Beets and beet juice are great for improving heart health, as the vegetable is rich in heart-healthy nitrates. A small 2012 study reports that drinking 500 g of beet juice significantly lowered blood pressure in healthy people.

These vegetables may also benefit people with diabetes. Beets contain an antioxidant called alpha-lipoic acid, which might be helpful for people with diabetes-related nerve problems, called diabetic neuropathy.

How to eat beets

Roasting beets brings out their natural sweetness, but they also taste great raw in juices, salads, and sandwiches.

  1. Carrots

Each cup of chopped carrots contains 52 calories and over four times an adult’s daily recommended intake of vitamin A, in the form of beta carotene.

Vitamin A is vital for healthy eyesight, and getting enough of this nutrient may help prevent vision loss.

Certain nutrients in carrots may also have cancer-fighting properties. A 2018 review of 10 articles reports that dietary carrot intake was associated with a reduced risk of breast cancer.

How to eat carrots

Carrots are extremely versatile. They work well in casseroles and soups, and they provide great health benefits when eaten raw, possibly with a dip such as hummus.

 

  1. Fermented vegetables

Fermented vegetables provide all the nutrients of their unfermented counterparts as well as healthful doses of probiotics.

Probiotics are beneficial bacteria that are present in the body and in some foods and supplements. Some researchers believe that they can improve gut health.

According to the National Center for Complementary and Integrative Health, probiotics may help with symptoms of irritable bowel syndrome. They may also prevent infection- or antibiotic-induced diarrhea.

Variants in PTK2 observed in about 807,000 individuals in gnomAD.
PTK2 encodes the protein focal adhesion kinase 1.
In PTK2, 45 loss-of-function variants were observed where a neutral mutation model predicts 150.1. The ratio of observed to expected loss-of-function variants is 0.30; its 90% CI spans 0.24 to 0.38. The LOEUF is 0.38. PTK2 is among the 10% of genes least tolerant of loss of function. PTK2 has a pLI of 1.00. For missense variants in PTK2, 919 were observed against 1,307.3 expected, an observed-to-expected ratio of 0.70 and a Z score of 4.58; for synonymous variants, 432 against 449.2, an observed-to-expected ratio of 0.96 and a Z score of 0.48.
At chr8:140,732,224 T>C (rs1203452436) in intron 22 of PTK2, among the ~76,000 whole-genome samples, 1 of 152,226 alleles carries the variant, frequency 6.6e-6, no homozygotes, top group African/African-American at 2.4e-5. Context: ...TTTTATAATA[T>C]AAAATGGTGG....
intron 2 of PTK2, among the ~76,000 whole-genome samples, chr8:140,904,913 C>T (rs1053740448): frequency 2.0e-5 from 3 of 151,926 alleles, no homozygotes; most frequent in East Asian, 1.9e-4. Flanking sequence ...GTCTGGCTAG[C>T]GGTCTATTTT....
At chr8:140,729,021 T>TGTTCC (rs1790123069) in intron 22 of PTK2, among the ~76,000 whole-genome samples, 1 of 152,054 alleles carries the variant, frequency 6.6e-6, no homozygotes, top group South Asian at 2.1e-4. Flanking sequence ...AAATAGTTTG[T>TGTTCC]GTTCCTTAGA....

Some good vegetables for fermentation include:

  • cabbage, as sauerkraut
  • cucumbers, as pickles
  • carrots
  • cauliflower

How to eat fermented vegetables

People eat fermented vegetables in salads, sandwiches, or as a side dish.

  1. Tomatoes

Although tomatoes are technically a fruit, most people treat them like vegetables and use them in savory dishes. Each cup of chopped, raw tomatoes contains:

  • 32 calories
  • 427 mg of potassium
  • 24.7 mg of vitamin C

Tomatoes contain lycopene, a powerful antioxidant. Research suggests that lycopene may help prevent prostate cancer, and the beta carotene in tomatoes also helps combat cancer.

Meanwhile, other potent antioxidants in tomatoes, such as lutein and zeaxanthin, may protect vision.

The Age-Related Eye Disease Study reports that people who have high dietary intakes of these substances have a 25% reduced risk of age-related macular degeneration.

How to eat tomatoes

People enjoy tomatoes raw or cooked, and cooking them releases more lycopene.